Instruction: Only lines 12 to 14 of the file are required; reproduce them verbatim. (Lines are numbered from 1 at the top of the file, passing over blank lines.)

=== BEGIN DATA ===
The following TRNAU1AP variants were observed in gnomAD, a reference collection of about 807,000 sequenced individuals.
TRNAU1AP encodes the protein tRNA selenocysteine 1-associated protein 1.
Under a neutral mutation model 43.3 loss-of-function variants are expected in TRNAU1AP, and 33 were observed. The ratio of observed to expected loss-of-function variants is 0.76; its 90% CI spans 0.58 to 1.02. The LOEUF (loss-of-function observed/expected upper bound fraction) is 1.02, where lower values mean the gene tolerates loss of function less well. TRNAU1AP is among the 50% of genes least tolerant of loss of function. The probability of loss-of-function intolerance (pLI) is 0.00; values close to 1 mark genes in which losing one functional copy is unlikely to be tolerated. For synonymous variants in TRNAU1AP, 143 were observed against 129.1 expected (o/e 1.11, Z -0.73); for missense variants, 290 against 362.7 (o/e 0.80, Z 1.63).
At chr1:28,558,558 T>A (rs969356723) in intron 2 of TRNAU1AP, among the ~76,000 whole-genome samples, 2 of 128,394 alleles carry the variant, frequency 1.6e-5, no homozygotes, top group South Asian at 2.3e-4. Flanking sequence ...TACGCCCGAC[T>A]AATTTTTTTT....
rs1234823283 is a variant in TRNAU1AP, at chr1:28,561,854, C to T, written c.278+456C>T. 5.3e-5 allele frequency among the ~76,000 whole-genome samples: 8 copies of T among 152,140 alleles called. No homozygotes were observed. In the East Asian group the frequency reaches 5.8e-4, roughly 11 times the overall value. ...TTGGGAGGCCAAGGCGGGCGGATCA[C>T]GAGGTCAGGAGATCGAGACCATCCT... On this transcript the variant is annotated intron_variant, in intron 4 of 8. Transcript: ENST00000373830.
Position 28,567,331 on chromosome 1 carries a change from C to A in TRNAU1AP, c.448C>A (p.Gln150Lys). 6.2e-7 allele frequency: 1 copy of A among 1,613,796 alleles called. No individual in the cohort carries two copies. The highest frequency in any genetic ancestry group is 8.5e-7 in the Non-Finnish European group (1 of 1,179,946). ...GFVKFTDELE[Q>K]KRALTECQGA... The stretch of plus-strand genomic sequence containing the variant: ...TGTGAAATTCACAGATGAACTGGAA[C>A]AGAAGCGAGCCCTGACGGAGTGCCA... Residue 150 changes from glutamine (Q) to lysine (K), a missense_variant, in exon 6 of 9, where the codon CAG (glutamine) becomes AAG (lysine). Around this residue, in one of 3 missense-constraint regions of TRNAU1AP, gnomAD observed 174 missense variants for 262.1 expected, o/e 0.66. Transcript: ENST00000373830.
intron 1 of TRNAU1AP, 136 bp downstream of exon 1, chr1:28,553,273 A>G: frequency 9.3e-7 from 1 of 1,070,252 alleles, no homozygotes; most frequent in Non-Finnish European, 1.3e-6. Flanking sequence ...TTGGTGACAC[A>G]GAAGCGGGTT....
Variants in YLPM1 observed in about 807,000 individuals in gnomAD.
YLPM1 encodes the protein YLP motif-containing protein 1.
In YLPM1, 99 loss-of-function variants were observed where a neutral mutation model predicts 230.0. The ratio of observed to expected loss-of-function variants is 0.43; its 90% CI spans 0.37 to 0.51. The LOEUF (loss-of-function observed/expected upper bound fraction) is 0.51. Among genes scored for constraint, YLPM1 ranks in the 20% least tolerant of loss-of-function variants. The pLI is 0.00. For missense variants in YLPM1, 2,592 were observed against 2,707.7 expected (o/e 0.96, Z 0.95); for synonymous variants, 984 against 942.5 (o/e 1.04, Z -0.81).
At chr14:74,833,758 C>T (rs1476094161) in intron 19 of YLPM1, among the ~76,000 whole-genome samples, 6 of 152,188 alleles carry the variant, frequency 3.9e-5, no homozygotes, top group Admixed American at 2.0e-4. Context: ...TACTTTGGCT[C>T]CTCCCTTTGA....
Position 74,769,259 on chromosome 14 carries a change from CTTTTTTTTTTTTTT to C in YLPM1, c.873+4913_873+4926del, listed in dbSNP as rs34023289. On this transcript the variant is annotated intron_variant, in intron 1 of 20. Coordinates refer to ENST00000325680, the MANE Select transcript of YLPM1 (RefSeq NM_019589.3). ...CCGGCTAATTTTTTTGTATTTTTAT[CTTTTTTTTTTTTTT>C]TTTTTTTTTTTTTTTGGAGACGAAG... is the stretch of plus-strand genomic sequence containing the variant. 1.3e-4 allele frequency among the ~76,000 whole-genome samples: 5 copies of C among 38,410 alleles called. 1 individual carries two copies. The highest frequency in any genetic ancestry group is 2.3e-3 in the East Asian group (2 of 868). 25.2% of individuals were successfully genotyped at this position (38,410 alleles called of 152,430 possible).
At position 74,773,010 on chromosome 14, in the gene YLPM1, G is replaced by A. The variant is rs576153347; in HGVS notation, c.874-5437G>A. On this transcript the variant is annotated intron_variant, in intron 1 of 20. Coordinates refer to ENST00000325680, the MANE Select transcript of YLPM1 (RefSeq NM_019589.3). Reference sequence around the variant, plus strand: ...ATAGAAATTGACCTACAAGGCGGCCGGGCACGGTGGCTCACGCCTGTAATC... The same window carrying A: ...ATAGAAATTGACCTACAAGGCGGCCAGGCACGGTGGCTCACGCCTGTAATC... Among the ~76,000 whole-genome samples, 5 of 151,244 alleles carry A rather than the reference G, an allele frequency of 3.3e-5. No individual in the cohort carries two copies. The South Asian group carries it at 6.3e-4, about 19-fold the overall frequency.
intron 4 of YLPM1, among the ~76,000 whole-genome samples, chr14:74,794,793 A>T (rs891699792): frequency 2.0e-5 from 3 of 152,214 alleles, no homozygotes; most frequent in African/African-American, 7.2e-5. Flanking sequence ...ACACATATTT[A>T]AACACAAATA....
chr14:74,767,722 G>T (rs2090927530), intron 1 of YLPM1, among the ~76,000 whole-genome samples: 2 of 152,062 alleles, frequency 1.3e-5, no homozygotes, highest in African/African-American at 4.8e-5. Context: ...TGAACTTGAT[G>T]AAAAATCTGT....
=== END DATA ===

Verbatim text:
Position 74,769,259 on chromosome 14 carries a change from CTTTTTTTTTTTTTT to C in YLPM1, c.873+4913_873+4926del, listed in dbSNP as rs34023289. On this transcript the variant is annotated intron_variant, in intron 1 of 20. Coordinates refer to ENST00000325680, the MANE Select transcript of YLPM1 (RefSeq NM_019589.3). ...CCGGCTAATTTTTTTGTATTTTTAT[CTTTTTTTTTTTTTT>C]TTTTTTTTTTTTTTTGGAGACGAAG... is the stretch of plus-strand genomic sequence containing the variant. 1.3e-4 allele frequency among the ~76,000 whole-genome samples: 5 copies of C among 38,410 alleles called. 1 individual carries two copies. The highest frequency in any genetic ancestry group is 2.3e-3 in the East Asian group (2 of 868). 25.2% of individuals were successfully genotyped at this position (38,410 alleles called of 152,430 possible).
At position 74,773,010 on chromosome 14, in the gene YLPM1, G is replaced by A. The variant is rs576153347; in HGVS notation, c.874-5437G>A. On this transcript the variant is annotated intron_variant, in intron 1 of 20. Coordinates refer to ENST00000325680, the MANE Select transcript of YLPM1 (RefSeq NM_019589.3). Reference sequence around the variant, plus strand: ...ATAGAAATTGACCTACAAGGCGGCCGGGCACGGTGGCTCACGCCTGTAATC... The same window carrying A: ...ATAGAAATTGACCTACAAGGCGGCCAGGCACGGTGGCTCACGCCTGTAATC... Among the ~76,000 whole-genome samples, 5 of 151,244 alleles carry A rather than the reference G, an allele frequency of 3.3e-5. No individual in the cohort carries two copies. The South Asian group carries it at 6.3e-4, about 19-fold the overall frequency.
intron 4 of YLPM1, among the ~76,000 whole-genome samples, chr14:74,794,793 A>T (rs891699792): frequency 2.0e-5 from 3 of 152,214 alleles, no homozygotes; most frequent in African/African-American, 7.2e-5. Flanking sequence ...ACACATATTT[A>T]AACACAAATA....